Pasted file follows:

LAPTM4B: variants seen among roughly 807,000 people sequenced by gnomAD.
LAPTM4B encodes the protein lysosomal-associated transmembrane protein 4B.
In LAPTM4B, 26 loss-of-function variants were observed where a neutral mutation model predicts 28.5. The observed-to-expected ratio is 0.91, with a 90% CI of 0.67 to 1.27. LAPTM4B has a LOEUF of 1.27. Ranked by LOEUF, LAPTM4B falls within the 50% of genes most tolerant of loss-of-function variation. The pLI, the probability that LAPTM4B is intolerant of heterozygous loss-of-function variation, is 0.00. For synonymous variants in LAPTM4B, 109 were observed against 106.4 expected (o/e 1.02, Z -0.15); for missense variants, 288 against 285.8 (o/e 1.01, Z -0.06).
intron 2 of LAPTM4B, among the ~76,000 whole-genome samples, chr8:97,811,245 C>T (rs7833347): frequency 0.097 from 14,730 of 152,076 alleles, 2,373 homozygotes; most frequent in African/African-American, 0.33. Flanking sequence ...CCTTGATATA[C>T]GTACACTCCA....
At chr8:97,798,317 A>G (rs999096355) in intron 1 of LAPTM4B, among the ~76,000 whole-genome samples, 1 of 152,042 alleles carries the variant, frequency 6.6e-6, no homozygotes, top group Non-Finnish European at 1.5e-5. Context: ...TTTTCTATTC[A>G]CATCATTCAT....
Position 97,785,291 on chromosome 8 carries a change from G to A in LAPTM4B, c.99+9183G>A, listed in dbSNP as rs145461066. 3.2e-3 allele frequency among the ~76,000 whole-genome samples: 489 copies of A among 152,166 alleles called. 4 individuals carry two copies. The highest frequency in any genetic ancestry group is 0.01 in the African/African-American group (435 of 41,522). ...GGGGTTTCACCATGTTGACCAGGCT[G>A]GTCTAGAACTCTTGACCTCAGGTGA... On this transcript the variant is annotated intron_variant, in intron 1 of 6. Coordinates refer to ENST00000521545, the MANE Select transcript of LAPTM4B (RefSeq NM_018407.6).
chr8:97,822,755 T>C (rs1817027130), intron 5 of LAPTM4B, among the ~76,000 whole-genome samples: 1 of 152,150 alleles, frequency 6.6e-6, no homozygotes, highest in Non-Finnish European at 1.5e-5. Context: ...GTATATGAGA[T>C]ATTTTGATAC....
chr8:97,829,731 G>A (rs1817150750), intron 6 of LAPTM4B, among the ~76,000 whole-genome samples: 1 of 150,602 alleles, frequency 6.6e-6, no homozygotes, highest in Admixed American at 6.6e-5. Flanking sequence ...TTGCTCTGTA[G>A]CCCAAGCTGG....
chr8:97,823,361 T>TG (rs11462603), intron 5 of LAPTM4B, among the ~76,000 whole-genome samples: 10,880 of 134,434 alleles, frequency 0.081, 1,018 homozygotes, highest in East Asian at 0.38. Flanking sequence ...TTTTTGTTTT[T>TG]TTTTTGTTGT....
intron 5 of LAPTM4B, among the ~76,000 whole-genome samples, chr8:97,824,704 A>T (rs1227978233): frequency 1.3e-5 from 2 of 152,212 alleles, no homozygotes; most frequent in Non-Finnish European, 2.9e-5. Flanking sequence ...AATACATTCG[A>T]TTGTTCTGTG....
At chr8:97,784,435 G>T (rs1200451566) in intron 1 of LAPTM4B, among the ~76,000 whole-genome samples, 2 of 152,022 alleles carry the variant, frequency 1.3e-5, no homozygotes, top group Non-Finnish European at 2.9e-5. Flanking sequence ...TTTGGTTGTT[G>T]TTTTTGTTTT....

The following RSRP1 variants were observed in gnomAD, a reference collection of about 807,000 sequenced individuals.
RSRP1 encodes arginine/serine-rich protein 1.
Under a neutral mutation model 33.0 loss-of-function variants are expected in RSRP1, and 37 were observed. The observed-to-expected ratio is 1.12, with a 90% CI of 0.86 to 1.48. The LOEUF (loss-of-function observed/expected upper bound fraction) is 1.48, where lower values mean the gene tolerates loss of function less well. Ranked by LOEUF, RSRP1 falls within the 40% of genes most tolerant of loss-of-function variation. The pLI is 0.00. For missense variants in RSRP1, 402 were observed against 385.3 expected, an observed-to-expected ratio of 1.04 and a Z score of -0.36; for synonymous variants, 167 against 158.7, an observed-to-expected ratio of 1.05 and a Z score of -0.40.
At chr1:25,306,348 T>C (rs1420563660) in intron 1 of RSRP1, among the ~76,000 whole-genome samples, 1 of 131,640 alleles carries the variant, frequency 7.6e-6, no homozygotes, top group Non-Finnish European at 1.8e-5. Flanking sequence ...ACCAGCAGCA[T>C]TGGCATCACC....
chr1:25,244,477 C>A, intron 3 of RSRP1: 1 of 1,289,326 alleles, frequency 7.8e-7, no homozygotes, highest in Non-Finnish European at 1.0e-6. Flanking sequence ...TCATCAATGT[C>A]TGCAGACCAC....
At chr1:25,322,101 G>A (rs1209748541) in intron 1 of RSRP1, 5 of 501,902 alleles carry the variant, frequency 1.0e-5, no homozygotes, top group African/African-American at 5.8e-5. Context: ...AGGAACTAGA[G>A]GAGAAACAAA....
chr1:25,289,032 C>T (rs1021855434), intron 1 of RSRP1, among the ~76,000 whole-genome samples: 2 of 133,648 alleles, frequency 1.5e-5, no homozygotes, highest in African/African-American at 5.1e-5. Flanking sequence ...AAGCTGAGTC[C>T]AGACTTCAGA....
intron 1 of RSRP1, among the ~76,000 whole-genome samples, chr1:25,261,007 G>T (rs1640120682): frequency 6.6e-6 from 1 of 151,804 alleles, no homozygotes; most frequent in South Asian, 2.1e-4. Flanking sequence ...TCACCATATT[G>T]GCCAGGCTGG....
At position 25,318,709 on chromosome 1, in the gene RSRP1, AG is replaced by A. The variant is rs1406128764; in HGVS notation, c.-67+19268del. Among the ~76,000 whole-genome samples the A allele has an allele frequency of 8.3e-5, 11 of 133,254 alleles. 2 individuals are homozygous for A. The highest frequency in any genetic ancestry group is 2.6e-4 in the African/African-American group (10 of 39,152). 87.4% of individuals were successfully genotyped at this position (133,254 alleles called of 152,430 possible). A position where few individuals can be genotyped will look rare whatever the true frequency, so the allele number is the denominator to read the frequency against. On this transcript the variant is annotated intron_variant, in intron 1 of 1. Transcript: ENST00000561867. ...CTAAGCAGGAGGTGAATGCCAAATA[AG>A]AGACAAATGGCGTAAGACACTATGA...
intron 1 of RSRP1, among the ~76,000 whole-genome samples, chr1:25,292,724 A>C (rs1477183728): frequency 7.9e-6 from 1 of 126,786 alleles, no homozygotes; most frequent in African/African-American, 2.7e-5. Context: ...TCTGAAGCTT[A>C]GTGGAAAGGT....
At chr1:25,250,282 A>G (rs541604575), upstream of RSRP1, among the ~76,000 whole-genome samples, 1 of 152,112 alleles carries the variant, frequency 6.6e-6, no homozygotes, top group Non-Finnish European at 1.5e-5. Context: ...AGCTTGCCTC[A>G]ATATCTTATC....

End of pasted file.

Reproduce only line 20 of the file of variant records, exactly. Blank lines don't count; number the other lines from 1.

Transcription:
At position 25,318,709 on chromosome 1, in the gene RSRP1, AG is replaced by A. The variant is rs1406128764; in HGVS notation, c.-67+19268del. Among the ~76,000 whole-genome samples the A allele has an allele frequency of 8.3e-5, 11 of 133,254 alleles. 2 individuals are homozygous for A. The highest frequency in any genetic ancestry group is 2.6e-4 in the African/African-American group (10 of 39,152). 87.4% of individuals were successfully genotyped at this position (133,254 alleles called of 152,430 possible). A position where few individuals can be genotyped will look rare whatever the true frequency, so the allele number is the denominator to read the frequency against. On this transcript the variant is annotated intron_variant, in intron 1 of 1. Transcript: ENST00000561867. ...CTAAGCAGGAGGTGAATGCCAAATA[AG>A]AGACAAATGGCGTAAGACACTATGA...